This third and final epistle of John is addressed “unto the wellbeloved Gaius, whom I love in the truth.”  John again identifies himself as “the elder,” reminding his readers of his position in the church of God.  He could rightly claim the title of apostle, but often he and his fellow apostles humbly linked themselves with the other elders in Christ’s churches.  Peter himself, at the end of his first epistle, said that he also was an elder, as well as a witness of the sufferings of Christ.  It is always important to notice the humility of the apostles of Christ, who knew nothing of the papal system of elevating men to stations of divine authority, and compelling men to address them as “holy father,” or other gaudy and preposterous titles.  Though the apostles exercised a great authority within the church, which was not to be passed down to succeeding generations except through the writings they left behind, they were content to number themselves with the other humble officials in the Lord’s churches.

Who “the wellbeloved Gaius” was cannot be definitely known, except through what John says of him here.  It is possible, I suppose, since John does not identify his location, that he may be the same Gaius from Corinth, of whom Paul spoke so highly.  At any rate, he seems all in all to have been one of the most admirable characters in the early church.  John speaks in very glowing terms of his Christian character, and throughout the letter deals on a very personal level with individuals and issues within the church.  Tragically, although Gaius set a shining example which all his brethren should have done well to emulate, there were those within the church who knew nothing of his gracious spirit.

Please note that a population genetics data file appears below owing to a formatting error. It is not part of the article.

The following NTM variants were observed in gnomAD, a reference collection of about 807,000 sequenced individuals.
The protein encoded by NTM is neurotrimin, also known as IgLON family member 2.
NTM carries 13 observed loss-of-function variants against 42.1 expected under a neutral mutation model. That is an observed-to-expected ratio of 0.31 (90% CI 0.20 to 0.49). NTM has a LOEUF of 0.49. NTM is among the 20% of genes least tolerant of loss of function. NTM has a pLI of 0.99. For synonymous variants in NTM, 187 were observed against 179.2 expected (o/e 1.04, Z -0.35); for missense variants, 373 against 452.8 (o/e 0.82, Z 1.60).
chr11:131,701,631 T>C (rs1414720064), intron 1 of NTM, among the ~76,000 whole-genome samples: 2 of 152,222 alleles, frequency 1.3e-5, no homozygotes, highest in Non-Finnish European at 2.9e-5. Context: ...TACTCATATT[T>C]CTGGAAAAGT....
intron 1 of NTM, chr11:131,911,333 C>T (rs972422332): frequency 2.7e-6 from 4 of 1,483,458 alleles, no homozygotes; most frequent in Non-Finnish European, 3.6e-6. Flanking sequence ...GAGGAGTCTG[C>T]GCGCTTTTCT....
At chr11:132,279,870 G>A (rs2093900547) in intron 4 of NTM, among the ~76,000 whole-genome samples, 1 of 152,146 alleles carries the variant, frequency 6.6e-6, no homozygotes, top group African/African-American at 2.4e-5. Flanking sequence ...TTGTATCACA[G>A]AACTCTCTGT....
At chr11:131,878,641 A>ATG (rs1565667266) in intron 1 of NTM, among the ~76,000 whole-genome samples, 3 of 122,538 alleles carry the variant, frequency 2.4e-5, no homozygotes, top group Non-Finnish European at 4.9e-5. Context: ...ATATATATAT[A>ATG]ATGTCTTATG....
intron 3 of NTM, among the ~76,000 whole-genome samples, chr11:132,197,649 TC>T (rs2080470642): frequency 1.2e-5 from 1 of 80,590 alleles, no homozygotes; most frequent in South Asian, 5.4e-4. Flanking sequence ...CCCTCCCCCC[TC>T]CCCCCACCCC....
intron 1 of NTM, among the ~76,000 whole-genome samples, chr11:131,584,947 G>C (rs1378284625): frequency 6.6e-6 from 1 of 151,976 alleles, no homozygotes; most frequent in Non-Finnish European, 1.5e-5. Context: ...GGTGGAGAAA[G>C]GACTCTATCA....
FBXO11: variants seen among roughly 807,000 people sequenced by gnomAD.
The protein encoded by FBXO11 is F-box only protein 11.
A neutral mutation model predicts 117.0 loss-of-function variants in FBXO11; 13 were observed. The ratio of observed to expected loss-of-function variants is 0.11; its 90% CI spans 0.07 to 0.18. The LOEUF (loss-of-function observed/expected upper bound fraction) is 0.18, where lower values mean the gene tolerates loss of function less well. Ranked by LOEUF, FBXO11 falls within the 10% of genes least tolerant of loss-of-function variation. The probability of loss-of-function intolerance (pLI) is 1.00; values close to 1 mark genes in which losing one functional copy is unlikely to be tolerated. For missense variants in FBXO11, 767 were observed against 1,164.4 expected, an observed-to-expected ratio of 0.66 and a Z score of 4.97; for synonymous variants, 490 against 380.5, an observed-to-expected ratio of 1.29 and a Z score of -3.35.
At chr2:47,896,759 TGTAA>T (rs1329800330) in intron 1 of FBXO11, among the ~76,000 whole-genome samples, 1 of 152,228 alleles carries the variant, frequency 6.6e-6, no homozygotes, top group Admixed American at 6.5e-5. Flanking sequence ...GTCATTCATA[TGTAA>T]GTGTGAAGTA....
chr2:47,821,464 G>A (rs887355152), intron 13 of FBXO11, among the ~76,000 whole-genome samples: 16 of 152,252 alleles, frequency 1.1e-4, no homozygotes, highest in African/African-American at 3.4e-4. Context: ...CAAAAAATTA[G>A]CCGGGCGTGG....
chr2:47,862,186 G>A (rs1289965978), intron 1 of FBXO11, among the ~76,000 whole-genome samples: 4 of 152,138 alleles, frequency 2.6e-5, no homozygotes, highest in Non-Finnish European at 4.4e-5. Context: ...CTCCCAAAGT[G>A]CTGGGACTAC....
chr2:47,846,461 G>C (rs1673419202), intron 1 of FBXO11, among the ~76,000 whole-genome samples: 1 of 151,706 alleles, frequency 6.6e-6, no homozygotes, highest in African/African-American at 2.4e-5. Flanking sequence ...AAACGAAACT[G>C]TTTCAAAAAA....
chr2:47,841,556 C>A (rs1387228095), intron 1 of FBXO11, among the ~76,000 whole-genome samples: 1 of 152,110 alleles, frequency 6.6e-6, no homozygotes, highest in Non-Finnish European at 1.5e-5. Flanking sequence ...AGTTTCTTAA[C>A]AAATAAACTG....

As with the elect lady and her children, John affirms that he loves Gaius “in the truth.”  It is not a friendship built upon similarities of taste in civil or social matters, or of equality in caste; rather, it is founded upon the timeless and infallible truth of God’s word.  Both John and Gaius believed the same book, trusted the same Saviour, and thus walked in the same paths of righteousness.  Wherever there are two Christians who can they say this of themselves, there ought to be a strong mutual affection between them, which is able to overcome all external differences.

 

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